a comment on Titusonenine, the Pope will this week receive on his desk a document that proposes something akin to an Opus Dei-style personal prelature for disgruntled Anglicans of a Catholic bent. This would allow them to be received into the Catholic Church but retain their Anglican identity, with presumably their (or should I say our?) own priests going with them too. William Tighe, who touts this possibility, which is also being debated on ShipofFools, says nothing will be published officially before January. But putting it up here, right now, might liven things up a little in Leeds tonight and tomorrow. It might also give Jonathan Petre and me something to gossip about when we set off for Rome with the Archbishop of Canterbury next week. More news from Rome today is a meeting on the vexed question of priestly celibacy, sparked by the rebel Milingo. The Pope is calling advisers together in the Vatican to decide how to respond after the "married" (in a Unification church ceremony) African "Archbishop" (now excommunicated) ordained some married priests the other day, effectively forming a schismatic Catholic Church. The Pope hates losing any of his flock, as his efforts to bring back the Lefebvrists indicate.

the rest

3 Christian Groups Move To Condemn Gay Sex
By
Alan Cooperman and Peter Whoriskey
Washington Post Staff Writers
Wednesday, November 15, 2006

BALTIMORE, Nov. 14 -- Faced with rising public acceptance of same-sex relationships, three U.S. Christian denominations are taking strong measures this week to condemn homosexual acts as sinful.

The nation's Roman Catholic bishops, meeting in Baltimore, declared Tuesday that Catholics who minister to gays must firmly adhere to the church's teaching that same-sex attractions are "disordered." Catholics with "a homosexual inclination" should be encouraged to live in chastity and discouraged from making "general public announcements" about their sexual orientation, the bishops said.
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FALLS CHURCH, VA: Letter to Parish on Vestry Decision. "We will disaffiliate from TEC"

To the family of The Falls Church
November 14, 2006

Dear Friends,I want to inform you of the Vestry decision last night. First let me say how much I appreciated the attitude and tone of mutual love and respect that everyone demonstrated at the parish meeting Sunday afternoon. We all know these are terribly hard decisions, and you showed the love of Christ to one another in our time together. Your thoughtful, wise, and serious comments were very helpful to me and to the vestry in being able to come to a decision last night.

The decision of the vestry, as we met last night, was to recommend to the congregation that The Falls Church disaffiliate with The Episcopal Church and affiliate with the Anglican District of Virginia, an association of Virginia churches who are joining together to realign traditional Anglicans in Virginia. The district is part of CANA (the Convocation of Anglicans in North America), a branch of the Anglican Communion within the Church of Nigeria that has The Rt. Rev. Martyn Minns as its Bishop. The vote was 15 aye, 2 nay, and 1 abstention.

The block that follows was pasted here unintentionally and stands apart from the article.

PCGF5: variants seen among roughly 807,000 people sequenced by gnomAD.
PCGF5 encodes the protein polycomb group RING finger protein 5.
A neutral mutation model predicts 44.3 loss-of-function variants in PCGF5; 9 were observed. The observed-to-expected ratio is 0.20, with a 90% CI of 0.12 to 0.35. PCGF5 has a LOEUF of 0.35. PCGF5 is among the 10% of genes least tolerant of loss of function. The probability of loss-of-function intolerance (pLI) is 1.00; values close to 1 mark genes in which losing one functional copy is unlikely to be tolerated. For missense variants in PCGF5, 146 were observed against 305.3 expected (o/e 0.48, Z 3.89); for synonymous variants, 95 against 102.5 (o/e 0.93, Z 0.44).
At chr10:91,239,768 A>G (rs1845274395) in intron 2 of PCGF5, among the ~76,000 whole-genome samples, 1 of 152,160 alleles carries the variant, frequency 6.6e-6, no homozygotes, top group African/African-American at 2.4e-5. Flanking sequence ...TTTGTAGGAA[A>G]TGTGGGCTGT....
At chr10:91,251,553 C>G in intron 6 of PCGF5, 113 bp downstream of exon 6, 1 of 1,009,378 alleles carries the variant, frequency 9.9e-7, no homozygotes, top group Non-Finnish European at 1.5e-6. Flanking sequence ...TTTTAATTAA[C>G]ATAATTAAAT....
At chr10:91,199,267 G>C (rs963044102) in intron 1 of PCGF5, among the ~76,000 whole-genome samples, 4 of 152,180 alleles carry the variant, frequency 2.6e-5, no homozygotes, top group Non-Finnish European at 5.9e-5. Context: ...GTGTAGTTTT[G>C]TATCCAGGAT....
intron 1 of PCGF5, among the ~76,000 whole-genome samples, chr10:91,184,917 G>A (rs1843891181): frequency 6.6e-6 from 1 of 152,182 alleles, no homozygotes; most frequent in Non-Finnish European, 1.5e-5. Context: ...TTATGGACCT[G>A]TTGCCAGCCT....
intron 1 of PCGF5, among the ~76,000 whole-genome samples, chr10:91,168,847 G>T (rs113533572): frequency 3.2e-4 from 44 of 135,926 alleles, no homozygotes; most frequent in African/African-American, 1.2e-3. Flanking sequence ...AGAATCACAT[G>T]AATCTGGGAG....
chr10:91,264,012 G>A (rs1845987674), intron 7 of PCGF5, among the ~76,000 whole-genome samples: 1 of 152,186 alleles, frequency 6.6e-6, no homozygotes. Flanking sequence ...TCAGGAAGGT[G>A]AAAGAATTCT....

The Vestry and I will be providing you with as much information as we can about the Anglican District of Virginia and CANA in the next few weeks. We will have two congregational informational meetings to explain and discuss these matters, as well as to go over the resolution and ballot, which we expect to use in the congregation-wide vote on this matter.


The rest at Virtueonline

Federal appeals court upholds federal protection for pro-life medical professionals
Victory for pro-life medical groups in abortion group’s attack on Weldon Amendment

Tuesday, November 14, 2006

WASHINGTON — A federal appeals court today upheld the dismissal of a lawsuit brought by a pro-abortion group challenging the “Weldon Amendment.” The Weldon Amendment is a federal statute that prohibits the federal government or state and local governments receiving certain federal aid from discriminating against medical professionals who refuse to perform or refer for abortions.

“Doctors and nurses should not be forced to participate in abortions against their religious beliefs or conscience. Under the banner of ‘choice,’ the National Family Planning and Reproductive Health Association asserted a supposed right to do this, but the court didn’t buy it,” said Casey Mattox, litigation counsel for CLS’s Center for Law & Religious Freedom. “This decision turns back the effort to enshrine abortion as a right above even the First Amendment.”

NFPRHA challenged the Weldon Amendment just days after it was first signed into law in December 2005. After a federal district court upheld the law, NFPRHA appealed, arguing that the Weldon Amendment was too vague to enforce and that their member organizations had a constitutional right to force medical professionals to provide abortion referrals.
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Stay or go?
Bishop John-David Schofield of the Diocese of San Joaquin has written a letter to his diocese about seceding from the Episcopal Church.

Constitutional amendments are being offered at the Diocese's 47th Annual Convention on December 1-2,2006, which are designed to preserve our place in the Anglican Communion but which will eventually alter our relationship with The Episcopal Church (TEC). The 47th Annual Convention will be a test of where we as a diocese stand. The worldwide Anglican Communion will be watching to see how we vote. Do we recognize Holy Scripture as authoritative? Will we follow the Lord? Will we be leaders to disenfranchised Anglicans across the country? Our actions at the 47th Annual Convention will answer these questions for the entire world. As your Bishop, I ask you prayerfully to consider the information below and to prepare yourselves to vote your faith through your clergy and delegates to the Annual Convention on December 1 - 2, 2006.